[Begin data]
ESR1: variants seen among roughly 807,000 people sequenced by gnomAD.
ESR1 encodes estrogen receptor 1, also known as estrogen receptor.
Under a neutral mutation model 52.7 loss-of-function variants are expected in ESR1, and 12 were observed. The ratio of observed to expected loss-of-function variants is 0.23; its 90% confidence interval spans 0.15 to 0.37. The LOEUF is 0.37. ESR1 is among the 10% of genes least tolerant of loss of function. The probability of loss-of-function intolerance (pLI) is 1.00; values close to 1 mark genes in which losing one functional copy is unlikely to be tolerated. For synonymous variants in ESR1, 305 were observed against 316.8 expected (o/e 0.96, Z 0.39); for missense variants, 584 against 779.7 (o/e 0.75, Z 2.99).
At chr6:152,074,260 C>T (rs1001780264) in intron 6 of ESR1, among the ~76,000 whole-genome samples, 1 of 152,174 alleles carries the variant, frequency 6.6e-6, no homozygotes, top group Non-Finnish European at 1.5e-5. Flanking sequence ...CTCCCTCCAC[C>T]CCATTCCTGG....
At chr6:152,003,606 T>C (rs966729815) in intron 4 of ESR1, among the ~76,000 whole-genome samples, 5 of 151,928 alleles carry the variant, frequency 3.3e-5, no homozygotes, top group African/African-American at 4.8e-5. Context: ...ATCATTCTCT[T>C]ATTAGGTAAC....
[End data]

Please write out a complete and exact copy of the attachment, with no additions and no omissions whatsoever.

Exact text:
ESR1: variants seen among roughly 807,000 people sequenced by gnomAD.
ESR1 encodes estrogen receptor 1, also known as estrogen receptor.
Under a neutral mutation model 52.7 loss-of-function variants are expected in ESR1, and 12 were observed. The ratio of observed to expected loss-of-function variants is 0.23; its 90% confidence interval spans 0.15 to 0.37. The LOEUF is 0.37. ESR1 is among the 10% of genes least tolerant of loss of function. The probability of loss-of-function intolerance (pLI) is 1.00; values close to 1 mark genes in which losing one functional copy is unlikely to be tolerated. For synonymous variants in ESR1, 305 were observed against 316.8 expected (o/e 0.96, Z 0.39); for missense variants, 584 against 779.7 (o/e 0.75, Z 2.99).
At chr6:152,074,260 C>T (rs1001780264) in intron 6 of ESR1, among the ~76,000 whole-genome samples, 1 of 152,174 alleles carries the variant, frequency 6.6e-6, no homozygotes, top group Non-Finnish European at 1.5e-5. Flanking sequence ...CTCCCTCCAC[C>T]CCATTCCTGG....
At chr6:152,003,606 T>C (rs966729815) in intron 4 of ESR1, among the ~76,000 whole-genome samples, 5 of 151,928 alleles carry the variant, frequency 3.3e-5, no homozygotes, top group African/African-American at 4.8e-5. Context: ...ATCATTCTCT[T>C]ATTAGGTAAC....